Some Many Toys, So Little Time... or What Stimulus Does Your New Puppy Really Need?
Updated: Apr 16
Walking into a pet store for most new owners can be nothing short of overwhelming. Toys, treats, grooming products, food, training products and the list goes on and on. So what exactly should you purchase for the exciting (and sometimes challenging) first weeks with your puppy and why?
Most families adopting dogs today, have no intention of training their dogs for service, agility or working dog trials. Even though dogs today are primarily bred as companion pets, they still need a "job" on a regular basis. If you don't provide stimulus or "work" for them... unfortunately most Golden Retrievers will find something to occupy their minds and chewing needs on their own. That comes at the expense of things like your sofa, pillows, shoes, carpet, toilet paper rolls, and even computer and phone chargers. The fix seems basic on the surface-provide them with appropriate outlets such as toys, puzzles and appropriate chew objects. Selecting the actual toys on the other hand can be confusing, overwhelming and costly.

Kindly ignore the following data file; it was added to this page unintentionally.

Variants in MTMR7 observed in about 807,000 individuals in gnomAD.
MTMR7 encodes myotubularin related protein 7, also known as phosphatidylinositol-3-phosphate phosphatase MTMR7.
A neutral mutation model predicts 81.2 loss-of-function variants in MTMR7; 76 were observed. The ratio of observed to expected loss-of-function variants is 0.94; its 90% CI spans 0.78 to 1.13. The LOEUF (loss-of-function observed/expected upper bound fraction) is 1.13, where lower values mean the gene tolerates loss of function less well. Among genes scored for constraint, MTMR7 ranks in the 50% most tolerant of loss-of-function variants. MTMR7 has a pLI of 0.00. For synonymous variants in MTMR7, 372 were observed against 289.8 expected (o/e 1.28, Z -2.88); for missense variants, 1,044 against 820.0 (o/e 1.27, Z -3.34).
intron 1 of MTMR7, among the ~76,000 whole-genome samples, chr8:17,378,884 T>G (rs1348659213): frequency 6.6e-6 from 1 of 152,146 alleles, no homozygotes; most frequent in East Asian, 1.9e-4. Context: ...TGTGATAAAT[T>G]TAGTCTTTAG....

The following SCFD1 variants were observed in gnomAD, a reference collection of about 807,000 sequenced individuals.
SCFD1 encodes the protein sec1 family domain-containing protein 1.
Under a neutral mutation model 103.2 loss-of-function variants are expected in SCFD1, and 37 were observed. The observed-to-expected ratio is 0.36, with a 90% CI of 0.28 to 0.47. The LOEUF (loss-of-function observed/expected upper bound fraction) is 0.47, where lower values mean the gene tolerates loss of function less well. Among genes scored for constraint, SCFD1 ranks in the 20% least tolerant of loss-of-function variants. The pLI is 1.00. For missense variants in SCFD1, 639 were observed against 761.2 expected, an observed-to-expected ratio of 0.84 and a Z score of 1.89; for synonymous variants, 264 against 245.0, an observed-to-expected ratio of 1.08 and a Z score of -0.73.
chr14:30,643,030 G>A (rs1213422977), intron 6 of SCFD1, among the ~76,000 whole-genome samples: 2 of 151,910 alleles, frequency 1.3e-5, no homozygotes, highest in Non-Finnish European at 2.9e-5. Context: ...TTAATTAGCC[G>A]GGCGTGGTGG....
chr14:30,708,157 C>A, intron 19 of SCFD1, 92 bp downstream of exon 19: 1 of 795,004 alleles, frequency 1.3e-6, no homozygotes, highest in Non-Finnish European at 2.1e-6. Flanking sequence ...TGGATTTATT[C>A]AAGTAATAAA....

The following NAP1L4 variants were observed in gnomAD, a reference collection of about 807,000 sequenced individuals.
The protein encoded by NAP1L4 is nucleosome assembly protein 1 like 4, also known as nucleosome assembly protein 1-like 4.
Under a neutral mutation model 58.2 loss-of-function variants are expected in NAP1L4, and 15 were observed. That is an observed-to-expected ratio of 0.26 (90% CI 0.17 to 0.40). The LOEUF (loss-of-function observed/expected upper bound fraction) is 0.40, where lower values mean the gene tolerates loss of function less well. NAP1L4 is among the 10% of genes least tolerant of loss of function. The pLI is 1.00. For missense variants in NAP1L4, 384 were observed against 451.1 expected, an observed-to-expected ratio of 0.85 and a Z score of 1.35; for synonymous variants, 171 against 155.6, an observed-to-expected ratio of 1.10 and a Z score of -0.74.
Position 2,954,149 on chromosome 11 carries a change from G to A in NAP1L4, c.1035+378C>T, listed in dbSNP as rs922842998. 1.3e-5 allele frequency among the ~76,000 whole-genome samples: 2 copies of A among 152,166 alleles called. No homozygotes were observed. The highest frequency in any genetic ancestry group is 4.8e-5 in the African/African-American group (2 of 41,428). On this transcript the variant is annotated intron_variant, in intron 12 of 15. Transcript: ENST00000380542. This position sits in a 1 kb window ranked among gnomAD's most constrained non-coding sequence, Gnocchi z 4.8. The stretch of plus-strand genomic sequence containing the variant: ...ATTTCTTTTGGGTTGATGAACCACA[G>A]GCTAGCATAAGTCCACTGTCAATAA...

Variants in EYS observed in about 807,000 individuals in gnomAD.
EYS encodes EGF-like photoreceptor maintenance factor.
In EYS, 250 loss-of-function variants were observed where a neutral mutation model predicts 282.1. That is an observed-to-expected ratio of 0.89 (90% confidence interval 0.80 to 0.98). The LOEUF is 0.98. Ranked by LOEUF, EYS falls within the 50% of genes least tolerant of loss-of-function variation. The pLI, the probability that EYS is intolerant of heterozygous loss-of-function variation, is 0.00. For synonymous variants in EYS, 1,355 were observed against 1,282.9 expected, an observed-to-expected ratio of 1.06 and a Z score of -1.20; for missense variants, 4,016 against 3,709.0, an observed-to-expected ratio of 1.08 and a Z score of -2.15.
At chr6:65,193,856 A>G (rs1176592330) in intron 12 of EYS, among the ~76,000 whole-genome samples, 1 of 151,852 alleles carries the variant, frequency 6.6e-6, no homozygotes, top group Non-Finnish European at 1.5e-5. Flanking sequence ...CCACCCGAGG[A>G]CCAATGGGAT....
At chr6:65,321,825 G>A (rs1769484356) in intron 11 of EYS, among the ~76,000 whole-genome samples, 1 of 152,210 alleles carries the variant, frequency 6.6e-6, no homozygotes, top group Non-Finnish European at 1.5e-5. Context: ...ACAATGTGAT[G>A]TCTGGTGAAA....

So WHAT things do you absolutely HAVE? The simple answer to this question is: a tug, a chew, a retrieve, a squeak, a puzzle and a cuddle.
In all honesty, most needs of your new puppy can be met with the following: a tug, a chew, a retrieve, a squeak, a puzzle and a cuddle. The more difficult issue is all the variety. As any experienced pet owner will tell you, even the most fascinating highly recommended toys may not match your dogs needs. So be prepared for some trial and error.
Most new puppy owners can have success with 6 to 8 different toys that provide different texture, size, shape and use. Toys provide great mental stimulation that encourages active play and minimizes boredom and destruction on your pet's part. In fact toys are an excellent way to teach your dog to relax. However, dogs are a lot like children, and they get bored with their toys quickly. When this happens, the value of the toy as a mental and physical outlet is lost. The toys should be given out a few at a time, then rotated every few days so that the pet always has something different with which to play. Rotating toys is the best way to keep them effective. We have compiled a sort of "wish list" of various types of stimulus for you at Amazon. But if you are like me, you probably prefer the joy of searching for new and exciting toys on your own. Read on to discover the types of toys we recommend to start with.